Boston's Back Bay Photo by Rick Berk

There are a lot of people talking about density these days.  Is it good and important for sustainability? Or is it bad and hurts property values? When we talk about density, we rarely define it, but it clearly means very different things to different people.

During a recent ULI Technical Assistance Panel I was part of in Provincetown, this really came into focus for me. We were told beforehand that density was a real concern for the town, and this was reinforced over and over as we talked with residents and business owners. But as we talked, I understood that people’s meaningful concerns about density weren’t the same. Some people were worried by the bulk of buildings, and others only with their height. Concern over the number of people living on a parcel was expressed by some, while for others, it was traffic; and sometimes even the size of the building compared to the parcel was the issue.

In each case, the person used the word density, but each of them was talking about something different.

This is particularly interesting at a time when the number of households is increasing, but the number of people within each household is decreasing. Of course, as we’ve all seen on TV, the age of the McMansion is over, and many people are looking at micro-units and tiny houses as real alternatives. If you live in a house built before the world wars, I can almost guarantee that your household is smaller than the house was designed for.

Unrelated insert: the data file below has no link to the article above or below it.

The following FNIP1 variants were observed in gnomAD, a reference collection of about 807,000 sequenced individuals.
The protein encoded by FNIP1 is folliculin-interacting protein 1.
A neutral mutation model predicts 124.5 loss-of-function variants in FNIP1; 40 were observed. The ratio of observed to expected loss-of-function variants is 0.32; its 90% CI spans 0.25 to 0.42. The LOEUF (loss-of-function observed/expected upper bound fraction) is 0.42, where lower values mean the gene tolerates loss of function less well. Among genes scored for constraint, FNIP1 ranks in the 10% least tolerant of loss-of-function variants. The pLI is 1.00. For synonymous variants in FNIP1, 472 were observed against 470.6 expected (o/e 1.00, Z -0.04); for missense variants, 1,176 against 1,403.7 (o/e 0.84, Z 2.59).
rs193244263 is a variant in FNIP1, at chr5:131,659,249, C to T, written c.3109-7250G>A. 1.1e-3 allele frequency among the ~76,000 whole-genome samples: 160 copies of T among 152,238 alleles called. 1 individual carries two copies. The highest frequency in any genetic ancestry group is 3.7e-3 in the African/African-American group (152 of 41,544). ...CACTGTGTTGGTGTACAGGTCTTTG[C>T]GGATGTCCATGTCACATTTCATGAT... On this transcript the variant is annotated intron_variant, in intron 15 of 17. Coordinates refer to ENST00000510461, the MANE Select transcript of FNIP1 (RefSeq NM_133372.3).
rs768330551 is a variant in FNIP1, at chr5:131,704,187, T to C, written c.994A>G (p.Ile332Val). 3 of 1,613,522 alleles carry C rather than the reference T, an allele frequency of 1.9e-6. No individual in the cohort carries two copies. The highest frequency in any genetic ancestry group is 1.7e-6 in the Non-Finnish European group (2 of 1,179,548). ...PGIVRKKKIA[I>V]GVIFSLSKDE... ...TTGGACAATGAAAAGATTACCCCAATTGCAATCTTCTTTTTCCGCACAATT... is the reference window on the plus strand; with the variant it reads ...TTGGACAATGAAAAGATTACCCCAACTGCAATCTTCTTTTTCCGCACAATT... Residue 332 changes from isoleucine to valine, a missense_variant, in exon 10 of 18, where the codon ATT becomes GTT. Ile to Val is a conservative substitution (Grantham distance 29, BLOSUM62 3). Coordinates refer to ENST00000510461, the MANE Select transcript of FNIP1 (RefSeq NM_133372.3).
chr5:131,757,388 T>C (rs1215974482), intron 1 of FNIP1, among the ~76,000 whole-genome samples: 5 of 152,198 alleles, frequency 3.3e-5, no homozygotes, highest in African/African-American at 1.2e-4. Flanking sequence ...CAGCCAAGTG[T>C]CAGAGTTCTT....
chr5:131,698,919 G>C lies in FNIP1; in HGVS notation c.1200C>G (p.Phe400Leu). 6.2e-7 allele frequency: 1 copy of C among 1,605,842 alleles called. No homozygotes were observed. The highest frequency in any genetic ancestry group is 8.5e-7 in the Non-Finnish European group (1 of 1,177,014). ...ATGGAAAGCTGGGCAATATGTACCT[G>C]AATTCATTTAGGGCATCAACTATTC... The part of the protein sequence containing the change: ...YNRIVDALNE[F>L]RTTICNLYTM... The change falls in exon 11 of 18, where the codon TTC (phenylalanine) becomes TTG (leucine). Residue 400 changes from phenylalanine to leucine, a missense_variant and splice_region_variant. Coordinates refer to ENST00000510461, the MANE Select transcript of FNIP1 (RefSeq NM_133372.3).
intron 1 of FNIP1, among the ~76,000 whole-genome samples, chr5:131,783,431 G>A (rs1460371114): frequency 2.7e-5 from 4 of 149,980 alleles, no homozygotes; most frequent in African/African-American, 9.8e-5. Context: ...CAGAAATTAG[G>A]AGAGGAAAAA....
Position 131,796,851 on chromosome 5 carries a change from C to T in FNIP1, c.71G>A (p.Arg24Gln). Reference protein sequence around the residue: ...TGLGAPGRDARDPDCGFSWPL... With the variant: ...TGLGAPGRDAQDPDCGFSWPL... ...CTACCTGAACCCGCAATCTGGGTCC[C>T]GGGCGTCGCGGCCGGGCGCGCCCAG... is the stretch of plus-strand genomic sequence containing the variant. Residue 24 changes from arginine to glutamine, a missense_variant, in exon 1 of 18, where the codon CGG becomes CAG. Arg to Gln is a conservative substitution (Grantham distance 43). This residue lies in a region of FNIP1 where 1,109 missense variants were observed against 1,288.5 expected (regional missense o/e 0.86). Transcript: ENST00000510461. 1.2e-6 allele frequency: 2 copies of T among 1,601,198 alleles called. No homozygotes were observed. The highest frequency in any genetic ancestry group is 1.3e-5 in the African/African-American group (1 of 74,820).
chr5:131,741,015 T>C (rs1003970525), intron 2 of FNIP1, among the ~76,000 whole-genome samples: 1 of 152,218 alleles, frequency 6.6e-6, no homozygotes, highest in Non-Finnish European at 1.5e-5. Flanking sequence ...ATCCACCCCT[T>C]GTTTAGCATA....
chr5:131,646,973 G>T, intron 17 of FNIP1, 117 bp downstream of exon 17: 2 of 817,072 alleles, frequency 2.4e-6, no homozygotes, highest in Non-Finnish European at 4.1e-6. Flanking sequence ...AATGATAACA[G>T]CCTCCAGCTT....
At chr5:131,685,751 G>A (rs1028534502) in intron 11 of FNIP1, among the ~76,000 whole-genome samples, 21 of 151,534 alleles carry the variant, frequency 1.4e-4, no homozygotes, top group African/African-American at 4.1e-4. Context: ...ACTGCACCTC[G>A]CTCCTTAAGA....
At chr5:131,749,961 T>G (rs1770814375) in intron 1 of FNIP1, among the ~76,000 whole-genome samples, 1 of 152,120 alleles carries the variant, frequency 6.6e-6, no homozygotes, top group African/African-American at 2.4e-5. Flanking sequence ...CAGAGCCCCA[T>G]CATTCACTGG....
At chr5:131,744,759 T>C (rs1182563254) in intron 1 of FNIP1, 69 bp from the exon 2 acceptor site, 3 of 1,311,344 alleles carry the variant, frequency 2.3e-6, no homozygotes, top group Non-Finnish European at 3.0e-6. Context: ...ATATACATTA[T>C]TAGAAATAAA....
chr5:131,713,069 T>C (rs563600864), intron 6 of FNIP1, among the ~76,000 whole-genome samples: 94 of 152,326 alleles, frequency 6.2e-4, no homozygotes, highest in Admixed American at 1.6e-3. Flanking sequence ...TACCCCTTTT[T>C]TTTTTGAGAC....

Of course, not only does density mean something different to each of us, it can also mean something really different depending on your geographical location. Density in Truro is different than density in Provincetown, which is certainly different than density in Boston or Somerville. And let’s not even talk about what density means in New York City or Hong Kong.

Each community has to decide what level of density it will tolerate for itself. We cannot (nor should not) all be Hong Kong. But very often, density is exactly what creates the identity and vibrancy of a place. As household sizes decrease, creating more one- and two-person families, we need more housing units to keep the same size communities. But it is not the number of units we should be discussing; it’s how much space those units take up, and how many people live in them.

There was a great commentary recently about the illegal city of Somerville. While I understand that the city of Somerville is not for everyone, it is where I have made my home, and I love its scale and sense of community. But if you apply the zoning bylaw of today, you would not be able to build it; it’s too dense. While we need more green space and more jobs, I certainly wouldn’t want there to be fewer buildings, farther apart. I suspect that if you compared modern zoning to the current fabric of many of the places we live, we wouldn’t be allowed to build them today.

To create the places we want, for them to be unique, and be the physical manifestation of the communities we love, we have to accept trade-offs. We have to define what is important to us and let our built environment reflect those values. Just like each of our towns and cities are unique, our definitions of what density means in this place and this time have to be discussed and embraced.

Topics: Urban Design, Planning